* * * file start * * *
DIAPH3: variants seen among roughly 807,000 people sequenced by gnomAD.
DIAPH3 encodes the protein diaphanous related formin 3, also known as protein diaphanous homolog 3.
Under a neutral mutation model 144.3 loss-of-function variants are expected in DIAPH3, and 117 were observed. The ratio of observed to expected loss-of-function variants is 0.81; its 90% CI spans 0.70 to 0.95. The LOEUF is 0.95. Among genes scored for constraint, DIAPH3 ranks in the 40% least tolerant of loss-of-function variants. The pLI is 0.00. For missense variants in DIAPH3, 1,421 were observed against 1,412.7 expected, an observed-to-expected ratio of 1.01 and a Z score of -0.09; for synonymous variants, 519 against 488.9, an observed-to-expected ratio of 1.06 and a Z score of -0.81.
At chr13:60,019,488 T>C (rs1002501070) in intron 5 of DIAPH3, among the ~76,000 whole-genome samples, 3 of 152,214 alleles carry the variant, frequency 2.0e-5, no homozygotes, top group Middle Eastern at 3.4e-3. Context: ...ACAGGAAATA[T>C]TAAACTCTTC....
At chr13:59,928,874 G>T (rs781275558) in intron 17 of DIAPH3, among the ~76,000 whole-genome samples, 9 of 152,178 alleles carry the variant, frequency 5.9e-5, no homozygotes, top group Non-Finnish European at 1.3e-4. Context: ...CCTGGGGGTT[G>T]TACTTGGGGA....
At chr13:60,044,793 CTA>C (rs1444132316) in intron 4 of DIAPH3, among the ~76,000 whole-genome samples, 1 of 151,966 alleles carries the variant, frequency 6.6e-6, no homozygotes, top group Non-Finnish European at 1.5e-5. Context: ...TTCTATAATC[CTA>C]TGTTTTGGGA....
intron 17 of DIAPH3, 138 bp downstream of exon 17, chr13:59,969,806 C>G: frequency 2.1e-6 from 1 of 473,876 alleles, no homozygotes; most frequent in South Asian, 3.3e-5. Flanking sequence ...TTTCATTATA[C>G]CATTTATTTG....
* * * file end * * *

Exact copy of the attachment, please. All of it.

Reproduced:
DIAPH3: variants seen among roughly 807,000 people sequenced by gnomAD.
DIAPH3 encodes the protein diaphanous related formin 3, also known as protein diaphanous homolog 3.
Under a neutral mutation model 144.3 loss-of-function variants are expected in DIAPH3, and 117 were observed. The ratio of observed to expected loss-of-function variants is 0.81; its 90% CI spans 0.70 to 0.95. The LOEUF is 0.95. Among genes scored for constraint, DIAPH3 ranks in the 40% least tolerant of loss-of-function variants. The pLI is 0.00. For missense variants in DIAPH3, 1,421 were observed against 1,412.7 expected, an observed-to-expected ratio of 1.01 and a Z score of -0.09; for synonymous variants, 519 against 488.9, an observed-to-expected ratio of 1.06 and a Z score of -0.81.
At chr13:60,019,488 T>C (rs1002501070) in intron 5 of DIAPH3, among the ~76,000 whole-genome samples, 3 of 152,214 alleles carry the variant, frequency 2.0e-5, no homozygotes, top group Middle Eastern at 3.4e-3. Context: ...ACAGGAAATA[T>C]TAAACTCTTC....
At chr13:59,928,874 G>T (rs781275558) in intron 17 of DIAPH3, among the ~76,000 whole-genome samples, 9 of 152,178 alleles carry the variant, frequency 5.9e-5, no homozygotes, top group Non-Finnish European at 1.3e-4. Context: ...CCTGGGGGTT[G>T]TACTTGGGGA....
At chr13:60,044,793 CTA>C (rs1444132316) in intron 4 of DIAPH3, among the ~76,000 whole-genome samples, 1 of 151,966 alleles carries the variant, frequency 6.6e-6, no homozygotes, top group Non-Finnish European at 1.5e-5. Context: ...TTCTATAATC[CTA>C]TGTTTTGGGA....
intron 17 of DIAPH3, 138 bp downstream of exon 17, chr13:59,969,806 C>G: frequency 2.1e-6 from 1 of 473,876 alleles, no homozygotes; most frequent in South Asian, 3.3e-5. Flanking sequence ...TTTCATTATA[C>G]CATTTATTTG....